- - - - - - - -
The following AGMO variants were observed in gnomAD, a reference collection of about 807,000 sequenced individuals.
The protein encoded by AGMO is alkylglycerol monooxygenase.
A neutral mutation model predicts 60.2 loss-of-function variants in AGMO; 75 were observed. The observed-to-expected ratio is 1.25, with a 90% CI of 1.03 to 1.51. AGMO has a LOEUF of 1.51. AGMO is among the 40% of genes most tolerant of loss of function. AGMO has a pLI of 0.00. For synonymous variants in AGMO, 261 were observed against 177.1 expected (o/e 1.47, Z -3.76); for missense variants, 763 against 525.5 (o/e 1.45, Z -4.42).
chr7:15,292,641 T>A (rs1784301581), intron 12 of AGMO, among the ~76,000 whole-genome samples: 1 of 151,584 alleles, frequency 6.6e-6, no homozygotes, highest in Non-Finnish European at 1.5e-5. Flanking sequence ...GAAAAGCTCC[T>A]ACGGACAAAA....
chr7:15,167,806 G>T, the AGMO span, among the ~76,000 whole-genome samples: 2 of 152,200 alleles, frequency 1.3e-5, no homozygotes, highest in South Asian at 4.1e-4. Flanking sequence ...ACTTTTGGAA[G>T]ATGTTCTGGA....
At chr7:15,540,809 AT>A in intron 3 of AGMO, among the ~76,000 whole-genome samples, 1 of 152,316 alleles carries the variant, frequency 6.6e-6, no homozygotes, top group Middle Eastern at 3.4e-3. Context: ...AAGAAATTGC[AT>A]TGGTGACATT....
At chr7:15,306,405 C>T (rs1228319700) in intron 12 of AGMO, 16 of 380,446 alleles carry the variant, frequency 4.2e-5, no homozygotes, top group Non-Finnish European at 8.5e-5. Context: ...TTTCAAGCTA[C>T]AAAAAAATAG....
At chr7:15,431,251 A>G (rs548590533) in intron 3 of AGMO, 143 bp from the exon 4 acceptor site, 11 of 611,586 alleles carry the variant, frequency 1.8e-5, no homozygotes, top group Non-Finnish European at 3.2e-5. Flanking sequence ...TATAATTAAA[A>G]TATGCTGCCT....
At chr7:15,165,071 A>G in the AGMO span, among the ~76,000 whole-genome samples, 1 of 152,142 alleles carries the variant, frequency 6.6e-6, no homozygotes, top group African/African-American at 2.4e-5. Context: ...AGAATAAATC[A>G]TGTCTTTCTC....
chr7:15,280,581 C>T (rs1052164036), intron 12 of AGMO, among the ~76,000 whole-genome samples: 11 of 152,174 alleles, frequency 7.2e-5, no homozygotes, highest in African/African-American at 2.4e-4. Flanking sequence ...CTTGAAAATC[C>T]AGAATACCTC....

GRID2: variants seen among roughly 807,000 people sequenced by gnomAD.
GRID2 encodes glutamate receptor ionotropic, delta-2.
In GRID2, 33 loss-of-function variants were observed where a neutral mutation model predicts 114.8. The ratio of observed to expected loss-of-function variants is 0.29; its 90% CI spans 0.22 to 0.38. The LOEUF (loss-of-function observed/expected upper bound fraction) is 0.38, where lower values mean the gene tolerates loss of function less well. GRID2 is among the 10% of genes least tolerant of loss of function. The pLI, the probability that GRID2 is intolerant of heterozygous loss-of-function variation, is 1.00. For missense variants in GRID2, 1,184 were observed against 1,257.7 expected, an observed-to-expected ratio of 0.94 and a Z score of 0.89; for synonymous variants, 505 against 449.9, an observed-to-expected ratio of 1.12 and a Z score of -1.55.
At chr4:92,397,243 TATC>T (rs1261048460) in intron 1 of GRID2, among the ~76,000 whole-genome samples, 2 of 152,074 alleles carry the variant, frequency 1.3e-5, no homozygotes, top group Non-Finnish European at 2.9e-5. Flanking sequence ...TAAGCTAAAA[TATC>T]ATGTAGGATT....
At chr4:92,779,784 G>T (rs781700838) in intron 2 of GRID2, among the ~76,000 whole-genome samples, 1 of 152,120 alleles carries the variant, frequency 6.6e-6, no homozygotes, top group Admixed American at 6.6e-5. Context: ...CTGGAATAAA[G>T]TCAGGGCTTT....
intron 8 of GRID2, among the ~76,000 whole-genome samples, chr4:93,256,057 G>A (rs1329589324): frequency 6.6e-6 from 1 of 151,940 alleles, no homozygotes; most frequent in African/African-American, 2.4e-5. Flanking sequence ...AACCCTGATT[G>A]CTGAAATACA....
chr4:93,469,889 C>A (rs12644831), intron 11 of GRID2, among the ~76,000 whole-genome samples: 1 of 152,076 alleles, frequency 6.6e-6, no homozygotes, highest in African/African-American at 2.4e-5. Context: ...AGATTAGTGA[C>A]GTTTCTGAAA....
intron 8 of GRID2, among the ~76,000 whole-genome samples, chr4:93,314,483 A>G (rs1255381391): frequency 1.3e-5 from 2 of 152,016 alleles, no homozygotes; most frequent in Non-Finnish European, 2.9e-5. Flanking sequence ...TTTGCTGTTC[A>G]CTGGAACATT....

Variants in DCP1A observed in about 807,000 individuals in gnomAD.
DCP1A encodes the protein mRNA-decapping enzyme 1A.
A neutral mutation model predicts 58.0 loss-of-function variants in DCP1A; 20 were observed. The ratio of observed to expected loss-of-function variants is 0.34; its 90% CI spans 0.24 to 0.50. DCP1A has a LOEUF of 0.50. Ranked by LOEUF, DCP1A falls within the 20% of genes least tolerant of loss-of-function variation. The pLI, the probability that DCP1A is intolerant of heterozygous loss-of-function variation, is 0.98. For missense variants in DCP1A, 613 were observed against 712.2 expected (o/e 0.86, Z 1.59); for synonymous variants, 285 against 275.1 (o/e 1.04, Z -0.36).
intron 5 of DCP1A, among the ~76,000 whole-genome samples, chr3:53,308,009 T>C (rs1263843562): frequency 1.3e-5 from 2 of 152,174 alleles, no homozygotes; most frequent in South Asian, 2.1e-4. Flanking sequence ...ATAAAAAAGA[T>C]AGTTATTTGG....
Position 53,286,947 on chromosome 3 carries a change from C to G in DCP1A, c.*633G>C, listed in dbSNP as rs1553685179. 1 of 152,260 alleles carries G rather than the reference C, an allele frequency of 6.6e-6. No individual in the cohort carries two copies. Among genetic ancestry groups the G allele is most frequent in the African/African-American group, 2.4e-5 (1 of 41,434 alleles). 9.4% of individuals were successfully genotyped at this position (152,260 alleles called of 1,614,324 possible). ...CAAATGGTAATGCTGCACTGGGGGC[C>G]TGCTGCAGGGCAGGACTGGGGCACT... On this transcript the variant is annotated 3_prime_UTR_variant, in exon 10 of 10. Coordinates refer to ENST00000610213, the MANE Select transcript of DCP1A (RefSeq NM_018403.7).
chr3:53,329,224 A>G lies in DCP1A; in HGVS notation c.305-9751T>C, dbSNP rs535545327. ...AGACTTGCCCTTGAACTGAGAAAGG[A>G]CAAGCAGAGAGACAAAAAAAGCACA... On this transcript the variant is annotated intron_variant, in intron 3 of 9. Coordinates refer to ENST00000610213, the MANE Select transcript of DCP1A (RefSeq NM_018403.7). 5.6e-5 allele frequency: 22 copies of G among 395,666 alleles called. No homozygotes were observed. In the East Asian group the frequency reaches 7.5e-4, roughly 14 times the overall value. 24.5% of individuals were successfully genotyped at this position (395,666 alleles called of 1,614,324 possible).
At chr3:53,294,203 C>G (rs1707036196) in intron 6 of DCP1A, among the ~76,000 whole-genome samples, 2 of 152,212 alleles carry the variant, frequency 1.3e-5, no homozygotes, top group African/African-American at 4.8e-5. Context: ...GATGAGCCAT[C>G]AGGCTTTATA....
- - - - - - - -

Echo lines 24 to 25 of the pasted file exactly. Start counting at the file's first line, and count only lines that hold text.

chr3:53,329,224 A>G lies in DCP1A; in HGVS notation c.305-9751T>C, dbSNP rs535545327. ...AGACTTGCCCTTGAACTGAGAAAGG[A>G]CAAGCAGAGAGACAAAAAAAGCACA... On this transcript the variant is annotated intron_variant, in intron 3 of 9. Coordinates refer to ENST00000610213, the MANE Select transcript of DCP1A (RefSeq NM_018403.7). 5.6e-5 allele frequency: 22 copies of G among 395,666 alleles called. No homozygotes were observed. In the East Asian group the frequency reaches 7.5e-4, roughly 14 times the overall value. 24.5% of individuals were successfully genotyped at this position (395,666 alleles called of 1,614,324 possible).
At chr3:53,294,203 C>G (rs1707036196) in intron 6 of DCP1A, among the ~76,000 whole-genome samples, 2 of 152,212 alleles carry the variant, frequency 1.3e-5, no homozygotes, top group African/African-American at 4.8e-5. Context: ...GATGAGCCAT[C>G]AGGCTTTATA....